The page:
Descent into Darkness

Book Review of
Descent Into Darkness

Author: Edward Raymer
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Publisher Summary:

On December 7, 1941, as the great battleships Arizona, Oklahoma, and Utah lie paralyzed and burning in the aftermath of the Japanese attack on Pearl Harbor, a crack team of U.S. Navy salvage divers headed by Edward C. Raymer are hurriedly flown to Oahu from the mainland. The divers have been given a Herculean task: rescue the sailors and Marines trapped below, and resurrect the pride of the Pacific fleet.

Now for the first time, the chief diver of the Pearl Harbor salvage operations, Cmdr. Edward C. Raymer, USN (Ret.), tells the whole story of the desperate attempts to save crewmembers caught inside their sinking ships. Descent into Darkness is the only book available that describes the raising and salvage operations of sunken battleships following the December 7th attack.

Once Raymer and his crew of divers entered the interiors of the sunken shipwrecks–attempting untested and potentially deadly diving techniques–they experienced a world of total blackness, unable to see even the faceplates of their helmets. By memorizing the ships’ blueprints and using their sense of touch, the divers groped their way hundreds of feet inside the sunken vessels to make repairs and salvage vital war material. The divers learned how to cope with such unseen dangers as falling objects, sharks, the eerie presence of floating human bodies, and the constant threat of Japanese attacks from above.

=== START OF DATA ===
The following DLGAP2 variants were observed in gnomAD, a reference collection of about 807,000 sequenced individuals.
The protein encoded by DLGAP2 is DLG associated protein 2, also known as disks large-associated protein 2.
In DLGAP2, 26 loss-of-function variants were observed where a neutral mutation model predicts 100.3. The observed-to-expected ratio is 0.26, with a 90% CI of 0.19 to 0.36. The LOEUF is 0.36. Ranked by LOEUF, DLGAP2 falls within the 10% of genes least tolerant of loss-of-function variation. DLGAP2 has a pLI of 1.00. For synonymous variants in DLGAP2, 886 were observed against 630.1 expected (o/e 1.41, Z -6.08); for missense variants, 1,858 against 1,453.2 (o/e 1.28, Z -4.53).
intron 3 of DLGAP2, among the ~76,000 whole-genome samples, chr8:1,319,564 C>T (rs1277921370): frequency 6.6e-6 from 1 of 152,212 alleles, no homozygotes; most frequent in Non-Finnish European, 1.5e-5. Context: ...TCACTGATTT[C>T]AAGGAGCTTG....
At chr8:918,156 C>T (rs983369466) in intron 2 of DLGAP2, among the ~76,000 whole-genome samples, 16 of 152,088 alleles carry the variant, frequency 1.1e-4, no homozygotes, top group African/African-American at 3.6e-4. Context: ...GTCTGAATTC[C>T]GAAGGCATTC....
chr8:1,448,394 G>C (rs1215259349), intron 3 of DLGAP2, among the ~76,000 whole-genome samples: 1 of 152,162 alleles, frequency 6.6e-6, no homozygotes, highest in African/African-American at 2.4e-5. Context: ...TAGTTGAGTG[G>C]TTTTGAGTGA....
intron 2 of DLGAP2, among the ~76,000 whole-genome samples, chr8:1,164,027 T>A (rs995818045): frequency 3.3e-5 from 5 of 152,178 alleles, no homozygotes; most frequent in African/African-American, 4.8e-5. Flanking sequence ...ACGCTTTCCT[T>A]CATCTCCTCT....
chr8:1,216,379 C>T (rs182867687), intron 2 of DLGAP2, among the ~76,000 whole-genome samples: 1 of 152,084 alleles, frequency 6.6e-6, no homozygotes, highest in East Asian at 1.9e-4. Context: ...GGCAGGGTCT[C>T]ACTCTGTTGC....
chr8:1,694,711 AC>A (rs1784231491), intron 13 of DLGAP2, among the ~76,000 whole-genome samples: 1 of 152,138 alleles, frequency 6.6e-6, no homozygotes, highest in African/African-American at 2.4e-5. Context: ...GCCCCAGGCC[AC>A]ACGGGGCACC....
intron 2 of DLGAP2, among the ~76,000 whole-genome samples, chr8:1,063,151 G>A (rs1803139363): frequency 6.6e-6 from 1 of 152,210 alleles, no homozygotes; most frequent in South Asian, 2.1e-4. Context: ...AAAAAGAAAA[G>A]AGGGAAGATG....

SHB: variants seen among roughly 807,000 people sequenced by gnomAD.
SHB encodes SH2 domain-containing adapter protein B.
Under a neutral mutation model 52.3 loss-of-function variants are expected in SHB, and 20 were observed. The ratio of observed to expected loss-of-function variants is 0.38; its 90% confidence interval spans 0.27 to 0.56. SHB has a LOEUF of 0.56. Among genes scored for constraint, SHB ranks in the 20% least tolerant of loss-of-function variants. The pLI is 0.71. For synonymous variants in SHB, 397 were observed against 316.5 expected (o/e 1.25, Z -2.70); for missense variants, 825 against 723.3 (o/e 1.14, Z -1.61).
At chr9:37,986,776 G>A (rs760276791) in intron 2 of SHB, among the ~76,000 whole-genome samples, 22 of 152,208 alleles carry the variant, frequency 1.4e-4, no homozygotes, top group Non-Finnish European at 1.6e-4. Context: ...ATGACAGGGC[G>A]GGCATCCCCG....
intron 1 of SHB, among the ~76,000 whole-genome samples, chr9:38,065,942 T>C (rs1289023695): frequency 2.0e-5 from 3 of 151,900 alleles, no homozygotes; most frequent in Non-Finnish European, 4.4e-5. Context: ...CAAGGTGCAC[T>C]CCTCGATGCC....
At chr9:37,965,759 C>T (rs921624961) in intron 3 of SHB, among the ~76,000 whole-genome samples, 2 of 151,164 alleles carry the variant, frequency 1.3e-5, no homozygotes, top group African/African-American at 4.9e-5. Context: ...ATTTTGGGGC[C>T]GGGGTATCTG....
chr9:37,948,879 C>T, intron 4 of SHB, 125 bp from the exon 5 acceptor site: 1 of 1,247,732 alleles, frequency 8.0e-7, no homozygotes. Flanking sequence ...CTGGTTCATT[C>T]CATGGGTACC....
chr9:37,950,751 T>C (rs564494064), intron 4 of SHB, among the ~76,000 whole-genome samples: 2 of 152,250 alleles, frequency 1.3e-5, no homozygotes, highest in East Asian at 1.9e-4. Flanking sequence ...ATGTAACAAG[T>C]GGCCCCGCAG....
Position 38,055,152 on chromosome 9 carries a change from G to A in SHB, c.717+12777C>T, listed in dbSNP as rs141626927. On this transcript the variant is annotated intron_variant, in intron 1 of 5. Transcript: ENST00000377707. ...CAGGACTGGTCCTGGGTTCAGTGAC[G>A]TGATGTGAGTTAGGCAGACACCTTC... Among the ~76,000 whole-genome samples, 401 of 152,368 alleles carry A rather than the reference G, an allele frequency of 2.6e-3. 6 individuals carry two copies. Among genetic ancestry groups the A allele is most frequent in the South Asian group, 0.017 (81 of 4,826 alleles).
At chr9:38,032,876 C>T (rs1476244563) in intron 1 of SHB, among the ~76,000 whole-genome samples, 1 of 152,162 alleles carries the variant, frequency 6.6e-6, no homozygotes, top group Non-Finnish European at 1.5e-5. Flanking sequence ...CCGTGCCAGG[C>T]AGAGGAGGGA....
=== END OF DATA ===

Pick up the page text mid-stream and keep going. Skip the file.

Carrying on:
Though many of these divers were killed or seriously injured during the wartime salvage operations, on the whole they had great success performing what seemed to be impossible jobs. Among their credits, Raymer’s crew raised the sunken battleships West Virginia, Nevada, and California. After Pearl Harbor they moved on to other crucial salvage work off Guadalcanal and the sites of other great sea battles.

Grace's Review

Descent into Darkness

Decent into Darkness was a tough read because it was a slightly different World War II book.

I am glad I read it as it taught me a lot about diving, Pearl Harbor, World War II, and Edward Raymer. I found this story amazing. I guess I never realized how important divers where in World War II. I knew they were used, especially at Pearl Harbor, but this book taught me that they were even more important.

Instead of seeing people die by gunfire as much, Raymer sees other types of death and dead bodies. You can probably imagine what he saw diving after Pearl Harbor. He tells you some of it, and I am glad he did because it made me appreciate him and the other divers he talks about.

This book though has some weird and funny stories. I mean their is a really good one in the middle of the book that shows that people in charge sometimes are so incompetent and have the wackiest orders.

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